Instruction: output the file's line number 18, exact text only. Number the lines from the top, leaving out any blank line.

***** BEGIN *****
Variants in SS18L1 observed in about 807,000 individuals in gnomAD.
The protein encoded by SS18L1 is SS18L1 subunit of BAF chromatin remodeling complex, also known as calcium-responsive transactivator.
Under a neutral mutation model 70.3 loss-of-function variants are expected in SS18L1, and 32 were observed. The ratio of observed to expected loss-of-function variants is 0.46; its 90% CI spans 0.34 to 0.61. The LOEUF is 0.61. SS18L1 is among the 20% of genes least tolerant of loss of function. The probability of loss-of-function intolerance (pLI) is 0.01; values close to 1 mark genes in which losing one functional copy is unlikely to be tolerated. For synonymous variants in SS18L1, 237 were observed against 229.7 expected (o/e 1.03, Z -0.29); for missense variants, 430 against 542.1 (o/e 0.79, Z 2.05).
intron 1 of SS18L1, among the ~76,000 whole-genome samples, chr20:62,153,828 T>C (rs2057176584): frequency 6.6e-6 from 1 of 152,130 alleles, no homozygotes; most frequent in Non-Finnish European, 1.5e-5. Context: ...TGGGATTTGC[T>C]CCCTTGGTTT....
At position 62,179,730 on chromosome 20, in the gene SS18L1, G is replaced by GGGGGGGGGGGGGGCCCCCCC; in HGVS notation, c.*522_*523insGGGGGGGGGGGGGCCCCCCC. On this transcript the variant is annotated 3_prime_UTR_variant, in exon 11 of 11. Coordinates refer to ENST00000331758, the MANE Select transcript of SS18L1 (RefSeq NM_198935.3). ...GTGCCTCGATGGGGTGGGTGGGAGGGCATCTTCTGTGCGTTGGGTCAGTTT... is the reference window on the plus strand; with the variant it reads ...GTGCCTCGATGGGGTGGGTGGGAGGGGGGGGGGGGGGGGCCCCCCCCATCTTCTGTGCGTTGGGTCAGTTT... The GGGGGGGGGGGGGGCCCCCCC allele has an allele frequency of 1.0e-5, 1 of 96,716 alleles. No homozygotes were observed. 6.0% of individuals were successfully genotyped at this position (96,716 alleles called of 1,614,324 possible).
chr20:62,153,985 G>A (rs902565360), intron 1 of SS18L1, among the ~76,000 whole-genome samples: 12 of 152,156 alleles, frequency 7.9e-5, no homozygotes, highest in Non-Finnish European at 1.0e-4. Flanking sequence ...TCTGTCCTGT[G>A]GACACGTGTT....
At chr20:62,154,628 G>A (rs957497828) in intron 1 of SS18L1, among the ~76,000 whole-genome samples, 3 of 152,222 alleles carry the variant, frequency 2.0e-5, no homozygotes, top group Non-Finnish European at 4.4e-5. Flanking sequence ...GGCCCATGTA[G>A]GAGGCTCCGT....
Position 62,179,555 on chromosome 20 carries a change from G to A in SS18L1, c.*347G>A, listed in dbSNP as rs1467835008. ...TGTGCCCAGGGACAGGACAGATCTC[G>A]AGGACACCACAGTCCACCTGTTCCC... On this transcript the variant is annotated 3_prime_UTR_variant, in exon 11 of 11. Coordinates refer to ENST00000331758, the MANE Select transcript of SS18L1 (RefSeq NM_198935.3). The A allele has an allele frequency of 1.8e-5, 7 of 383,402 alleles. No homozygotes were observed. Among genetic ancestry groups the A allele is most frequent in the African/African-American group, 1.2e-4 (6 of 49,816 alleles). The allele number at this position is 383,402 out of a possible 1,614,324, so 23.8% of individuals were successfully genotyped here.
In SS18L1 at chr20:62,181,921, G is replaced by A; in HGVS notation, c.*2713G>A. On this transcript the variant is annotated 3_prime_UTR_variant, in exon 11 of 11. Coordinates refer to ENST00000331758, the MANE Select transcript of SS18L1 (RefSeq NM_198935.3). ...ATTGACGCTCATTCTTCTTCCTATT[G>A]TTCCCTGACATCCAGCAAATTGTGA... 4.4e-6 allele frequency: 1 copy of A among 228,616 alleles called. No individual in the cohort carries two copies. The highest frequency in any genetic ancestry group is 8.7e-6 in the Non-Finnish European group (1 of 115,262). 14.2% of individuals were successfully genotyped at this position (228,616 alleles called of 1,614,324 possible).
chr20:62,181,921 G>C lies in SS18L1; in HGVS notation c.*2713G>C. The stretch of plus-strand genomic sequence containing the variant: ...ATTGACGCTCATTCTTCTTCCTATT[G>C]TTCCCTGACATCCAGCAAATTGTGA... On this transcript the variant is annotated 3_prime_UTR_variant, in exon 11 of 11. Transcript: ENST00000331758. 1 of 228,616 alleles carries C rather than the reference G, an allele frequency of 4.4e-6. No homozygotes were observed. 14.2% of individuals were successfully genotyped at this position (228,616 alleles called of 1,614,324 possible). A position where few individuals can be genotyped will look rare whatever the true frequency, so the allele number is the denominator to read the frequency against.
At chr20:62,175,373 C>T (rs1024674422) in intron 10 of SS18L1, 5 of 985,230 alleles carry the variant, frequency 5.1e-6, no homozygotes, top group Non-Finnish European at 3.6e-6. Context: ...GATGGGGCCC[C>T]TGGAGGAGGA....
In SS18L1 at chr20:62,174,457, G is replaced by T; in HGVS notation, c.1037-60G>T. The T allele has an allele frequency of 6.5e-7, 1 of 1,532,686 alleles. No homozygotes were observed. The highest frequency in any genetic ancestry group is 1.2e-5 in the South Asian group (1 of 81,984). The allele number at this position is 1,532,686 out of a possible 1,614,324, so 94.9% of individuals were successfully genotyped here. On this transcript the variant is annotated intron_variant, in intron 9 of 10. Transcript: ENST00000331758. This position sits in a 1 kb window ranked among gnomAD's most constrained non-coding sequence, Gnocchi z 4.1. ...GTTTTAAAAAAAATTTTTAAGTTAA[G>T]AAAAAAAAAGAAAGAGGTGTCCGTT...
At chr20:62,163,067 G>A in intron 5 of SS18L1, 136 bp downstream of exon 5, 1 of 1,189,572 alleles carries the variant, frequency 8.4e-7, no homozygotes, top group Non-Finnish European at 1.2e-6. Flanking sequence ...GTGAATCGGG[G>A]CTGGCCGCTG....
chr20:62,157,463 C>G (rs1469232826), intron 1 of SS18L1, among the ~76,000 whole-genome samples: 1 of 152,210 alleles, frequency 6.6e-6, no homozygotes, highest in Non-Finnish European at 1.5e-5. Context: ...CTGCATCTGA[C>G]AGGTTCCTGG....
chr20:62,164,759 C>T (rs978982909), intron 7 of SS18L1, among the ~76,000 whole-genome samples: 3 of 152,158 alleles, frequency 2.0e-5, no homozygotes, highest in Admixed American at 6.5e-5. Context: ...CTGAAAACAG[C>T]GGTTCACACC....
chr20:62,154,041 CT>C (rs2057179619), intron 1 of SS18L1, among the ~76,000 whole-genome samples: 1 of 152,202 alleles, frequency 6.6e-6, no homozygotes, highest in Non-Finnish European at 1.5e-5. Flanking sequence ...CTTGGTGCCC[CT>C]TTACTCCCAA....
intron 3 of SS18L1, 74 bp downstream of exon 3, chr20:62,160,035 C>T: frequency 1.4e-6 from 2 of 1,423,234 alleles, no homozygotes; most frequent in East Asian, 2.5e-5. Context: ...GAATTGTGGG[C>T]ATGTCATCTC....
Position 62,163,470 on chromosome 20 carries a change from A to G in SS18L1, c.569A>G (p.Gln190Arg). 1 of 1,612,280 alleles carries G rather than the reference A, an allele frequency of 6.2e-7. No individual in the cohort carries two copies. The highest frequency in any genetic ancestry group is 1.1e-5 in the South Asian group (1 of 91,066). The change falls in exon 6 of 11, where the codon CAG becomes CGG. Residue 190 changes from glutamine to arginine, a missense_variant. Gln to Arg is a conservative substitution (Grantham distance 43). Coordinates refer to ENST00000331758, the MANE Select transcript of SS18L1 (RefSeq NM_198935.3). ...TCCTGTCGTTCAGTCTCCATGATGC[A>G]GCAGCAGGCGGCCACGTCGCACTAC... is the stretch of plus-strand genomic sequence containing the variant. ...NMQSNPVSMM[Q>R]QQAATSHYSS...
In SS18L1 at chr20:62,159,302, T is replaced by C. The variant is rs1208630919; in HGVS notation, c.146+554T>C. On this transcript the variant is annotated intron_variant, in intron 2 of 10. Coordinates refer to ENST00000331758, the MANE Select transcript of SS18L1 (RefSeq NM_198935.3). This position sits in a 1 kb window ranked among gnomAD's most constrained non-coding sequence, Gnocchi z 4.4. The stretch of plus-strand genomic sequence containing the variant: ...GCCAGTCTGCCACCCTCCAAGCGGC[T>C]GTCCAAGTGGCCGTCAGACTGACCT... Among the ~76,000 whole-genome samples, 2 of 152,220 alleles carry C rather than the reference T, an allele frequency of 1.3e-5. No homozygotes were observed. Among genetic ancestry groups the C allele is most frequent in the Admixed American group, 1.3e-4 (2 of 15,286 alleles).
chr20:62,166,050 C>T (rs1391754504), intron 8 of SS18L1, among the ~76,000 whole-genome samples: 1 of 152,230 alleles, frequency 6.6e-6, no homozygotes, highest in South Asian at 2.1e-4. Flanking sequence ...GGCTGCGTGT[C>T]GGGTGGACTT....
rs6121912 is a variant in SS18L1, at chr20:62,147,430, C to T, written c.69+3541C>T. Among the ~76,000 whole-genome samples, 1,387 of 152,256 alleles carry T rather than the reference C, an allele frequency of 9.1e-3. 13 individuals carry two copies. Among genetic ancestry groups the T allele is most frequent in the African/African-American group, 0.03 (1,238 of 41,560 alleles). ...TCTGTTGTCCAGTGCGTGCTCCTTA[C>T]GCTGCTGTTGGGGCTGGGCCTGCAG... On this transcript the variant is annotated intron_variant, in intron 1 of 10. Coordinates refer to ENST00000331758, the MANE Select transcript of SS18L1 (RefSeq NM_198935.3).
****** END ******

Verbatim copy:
Position 62,163,470 on chromosome 20 carries a change from A to G in SS18L1, c.569A>G (p.Gln190Arg). 1 of 1,612,280 alleles carries G rather than the reference A, an allele frequency of 6.2e-7. No individual in the cohort carries two copies. The highest frequency in any genetic ancestry group is 1.1e-5 in the South Asian group (1 of 91,066). The change falls in exon 6 of 11, where the codon CAG becomes CGG. Residue 190 changes from glutamine to arginine, a missense_variant. Gln to Arg is a conservative substitution (Grantham distance 43). Coordinates refer to ENST00000331758, the MANE Select transcript of SS18L1 (RefSeq NM_198935.3). ...TCCTGTCGTTCAGTCTCCATGATGC[A>G]GCAGCAGGCGGCCACGTCGCACTAC... is the stretch of plus-strand genomic sequence containing the variant. ...NMQSNPVSMM[Q>R]QQAATSHYSS...